Dreaming of a white Christmas? Two wines to toast the tree.One rather expensive, one rather well priced. How do these two Bordeaux’s stack up?
We won’t be having any people round on Xmas day, and personally I’m loving the idea.
Finally, after all these years, my partner and I can legitimately say’no’ and have the day to ourselves.
I’m not a Xmas grinch, but Xmas day is not usually a good day for me. For example, one year my partner’s father died suddenly right on Xmas eve, how selfish is that? The whole of that particular Xmas day was one that we prefer to forget.
So, we shall not be sharing our food with anyone who doesn’t like certain vegetables, or can’t eat (pick your fad) or has decided, with three hour’s notice, they are now vegan. Yes, that actually happened one year.
And I can now get better wines for those people that like wine more than lager at lunch, i.e. the two of us.
First up a bottle of ChÃƒÂ¢teau Bauduc Sauvignon Blanc 2019, which I am reliably informed is a house white in Gordon Ramsay restaurants and made by British growers Gavin and Angela Quinney.
2019 was a good year for Bordeaux’s growers, possibly a good year for Gordon too.
This is 100% Sauvignon Blanc and a bright, glassy, wine with a sharp citrus edge which made it an ideal partner to some goats’ cheese we had from Ragstone.
We’d let the cheese sit for about a week to make sure there was no hard chalky interior, I really hate that, and for the rind to take on a bit more’honk’.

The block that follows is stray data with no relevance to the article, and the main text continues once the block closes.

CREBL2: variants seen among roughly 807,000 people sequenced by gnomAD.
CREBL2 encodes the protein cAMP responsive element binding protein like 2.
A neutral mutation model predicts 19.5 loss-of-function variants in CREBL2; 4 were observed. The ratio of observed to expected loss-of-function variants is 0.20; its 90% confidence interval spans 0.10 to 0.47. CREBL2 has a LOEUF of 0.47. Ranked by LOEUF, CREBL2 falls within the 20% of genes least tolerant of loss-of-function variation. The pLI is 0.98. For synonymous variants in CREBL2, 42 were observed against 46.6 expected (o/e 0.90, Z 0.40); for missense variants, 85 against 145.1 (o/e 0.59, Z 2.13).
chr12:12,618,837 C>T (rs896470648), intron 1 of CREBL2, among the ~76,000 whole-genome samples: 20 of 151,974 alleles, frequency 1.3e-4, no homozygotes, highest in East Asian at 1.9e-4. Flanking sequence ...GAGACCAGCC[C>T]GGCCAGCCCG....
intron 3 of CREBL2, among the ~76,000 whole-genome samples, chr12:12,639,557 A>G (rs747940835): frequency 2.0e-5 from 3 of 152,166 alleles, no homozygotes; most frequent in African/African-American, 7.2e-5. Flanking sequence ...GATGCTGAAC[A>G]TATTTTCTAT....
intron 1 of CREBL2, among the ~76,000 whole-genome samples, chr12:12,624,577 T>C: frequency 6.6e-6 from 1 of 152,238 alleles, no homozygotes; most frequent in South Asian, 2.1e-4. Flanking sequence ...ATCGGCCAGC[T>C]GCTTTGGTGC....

In fact, there was no need, this cheese is expertly made and is creamy from the get go with a fine mould on the exterior. The wines sharpness offset the cream very well and at the same time drew out the earthy notes from the rind.
A little too sharp for my taste after a few glasses though, this is a wine that needs food to smooth its edges. Still for the money, it’s a definite winner to have with some canapes.
Double the price is ChÃƒÂ¢teau La Louviere Pessac-LÃƒÂ©ognan, 2013, at around £20, but boy is it worth every penny.
What a cracking wine. Our (socially distanced) little group in the garden (four adults, two children) all loved this wine. It went especially well with a slab of smoked cheese originally destined for raclette.
Okay, this wine is oaky and some people get a bit sniffy about that, but not me, I love it. There is peach on the nose to a marked degree and a rounded balance on the palate with a hint of acidity to finish and a dash of white pepper.
That acidity was perfect with the cheese, cutting through the delicious smokiness like a fireman with breathing apparatus.
So excited was I by this one, I went to the fridge (warmer than the garden) and cracked out a pack of Cinco Jotas ham.
This is gorgeous stuff, one of the best jamons, and was a big hit with the now fairly well frozen adults. The kids, seemingly impervious to cold, were happy up the end of the garden chasing the cat around.
So as you browse for wine this winter, don’t just go for the Aussies out of habit. French wine is always better with food in my book, and English cheeses. Aussie is for drinking standing up. With a pig in a blanket.